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Great advice from The Lawyer Whisperer

May 22, 2016

During my job interview, the hiring manager talked the entire time and I could not get in a word. I was then dinged for a lame reason. How do I avoid this if it happens again?

Julie Q. Brush

Ahh…the ‘ol Hijacked Interview. Just to put your mind at ease (or maybe not), this interview dynamic happens more often than you think. And it’s one of the most confusing and frustrating situations a candidate can experience. Candidates don’t give it much thought when it happens, but can be moved promptly to the next round. But if you are rejected after this experience, you feel like you have just been sucker-punched.

Before I move to solutions, let’s talk about the Interviewer first. Why? Because understanding the mindset of this person matters if you want to learn to master this situation. What motivates this person to excessive chatter? A few reasons why an Interviewer (usually unintentionally) hijacks a conversation:

  1. S/he is nervous or uncomfortable. When people are nervous or uncomfortable with pauses in conversation, they talk…and talk…and talk.
  2. S/he is unprepared for your interview. When people are unprepared, they tend to “wing it” because they think they can and still be effective. But this hardly ever the case. The Interviewer tends to weave from topic to topic – and before you know it, the interview is over.
  3. Lack of interest. If the Interviewer doesn’t have much at stake, prefers another candidate, has other things on his/her mind or isn’t 100% supportive of the hire, he/she will talk to chew up time in order to get on with his/her day.
  4. S/he thinks you are uninteresting. If you are not engaging, the Interviewer would rather control the conversation about what s/he thinks is interesting to stay engaged.

Now that you know the Why, let’s focus on the How of mitigating this dynamic in the future. The first step is to be prepared. Not with your company knowledge or your snappy interview attire or your paper and a pen, but with the essential points about what makes you a rock star. It doesn’t have to be a laundry list, but your points should be crystal clear with engaging, illustrative stories. Being prepared will allow you to execute on the following strategies with confidence:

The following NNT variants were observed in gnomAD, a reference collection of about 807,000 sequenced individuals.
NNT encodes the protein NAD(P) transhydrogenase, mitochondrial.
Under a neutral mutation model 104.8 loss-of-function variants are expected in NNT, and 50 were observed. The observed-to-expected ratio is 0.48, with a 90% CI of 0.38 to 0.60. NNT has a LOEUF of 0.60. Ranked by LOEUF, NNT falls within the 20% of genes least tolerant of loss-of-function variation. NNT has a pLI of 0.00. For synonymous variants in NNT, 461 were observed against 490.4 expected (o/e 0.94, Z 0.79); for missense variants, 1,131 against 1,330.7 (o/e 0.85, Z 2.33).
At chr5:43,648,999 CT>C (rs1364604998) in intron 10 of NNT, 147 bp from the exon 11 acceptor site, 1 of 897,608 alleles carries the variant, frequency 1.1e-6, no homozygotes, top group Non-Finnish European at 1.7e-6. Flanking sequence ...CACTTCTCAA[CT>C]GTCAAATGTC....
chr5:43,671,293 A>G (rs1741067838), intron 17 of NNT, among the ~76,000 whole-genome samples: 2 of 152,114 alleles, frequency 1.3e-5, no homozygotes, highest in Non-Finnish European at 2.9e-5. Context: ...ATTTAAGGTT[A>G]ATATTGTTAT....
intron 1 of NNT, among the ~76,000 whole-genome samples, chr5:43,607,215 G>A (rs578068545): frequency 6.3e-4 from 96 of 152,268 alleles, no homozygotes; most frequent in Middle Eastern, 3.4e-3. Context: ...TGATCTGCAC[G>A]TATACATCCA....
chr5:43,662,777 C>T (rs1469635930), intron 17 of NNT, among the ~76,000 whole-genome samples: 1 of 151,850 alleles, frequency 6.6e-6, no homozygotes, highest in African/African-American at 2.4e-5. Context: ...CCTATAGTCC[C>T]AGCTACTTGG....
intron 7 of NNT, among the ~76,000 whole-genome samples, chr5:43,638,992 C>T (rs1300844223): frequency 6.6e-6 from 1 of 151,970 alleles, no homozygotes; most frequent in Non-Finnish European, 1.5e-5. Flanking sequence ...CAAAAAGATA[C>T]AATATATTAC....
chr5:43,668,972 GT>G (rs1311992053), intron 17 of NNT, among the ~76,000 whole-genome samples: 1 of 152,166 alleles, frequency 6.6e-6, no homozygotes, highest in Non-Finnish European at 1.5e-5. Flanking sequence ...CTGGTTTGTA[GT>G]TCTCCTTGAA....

The Preemptive Strike:

This strategy calls for you to take control of the conversation from the very beginning. Meaning, you proactively make the first meaningful comment to start the interview on a strong foot. Example: Interviewer: “Hi Julie, thank you for coming in today”. Interviewee (Julie) “Thank you Matt, I really appreciate your time. I’ve been looking forward to meeting you and learning more about this opportunity. It looks like there are some great changes going on at Company A which I’ve seen a lot myself in my own company.” Good eye contact, big smile, confidence, enthusiasm. Boom!

The Nuanced Interruption:

This is a skill that everyone needs to master. It is particularly critical when dealing with a hijacked interview. And it’s not for the faint-hearted. When the Interviewer touches on a topic that you see as an opening, you jump in-with both elbows. If there is no pause, you will simply have to talk over the end of the Interviewers sentence to grab some airtime. This is where art and skill come together. It needs to be part of the give and take of the conversation – subtle and natural. FYI: Interviewers who are usually “talkers” are used to being interrupted as part of a conversation norm. So in some ways, they may be expecting this to be part of your conversation.

If you’re not feeling confident about your ability to execute on one or both of these strategies, my recommendation is that you practice. And keep practicing until you are perfect. Granted, you still may not be asked to the next round, but at least you will know that you have done everything to control what you can. And that’s really all you can ask of yourself.

The Hijacked Interview can be a curveball if you are not ready for it. But now that you are…you will be prepared for even the Chattiest Cathy.

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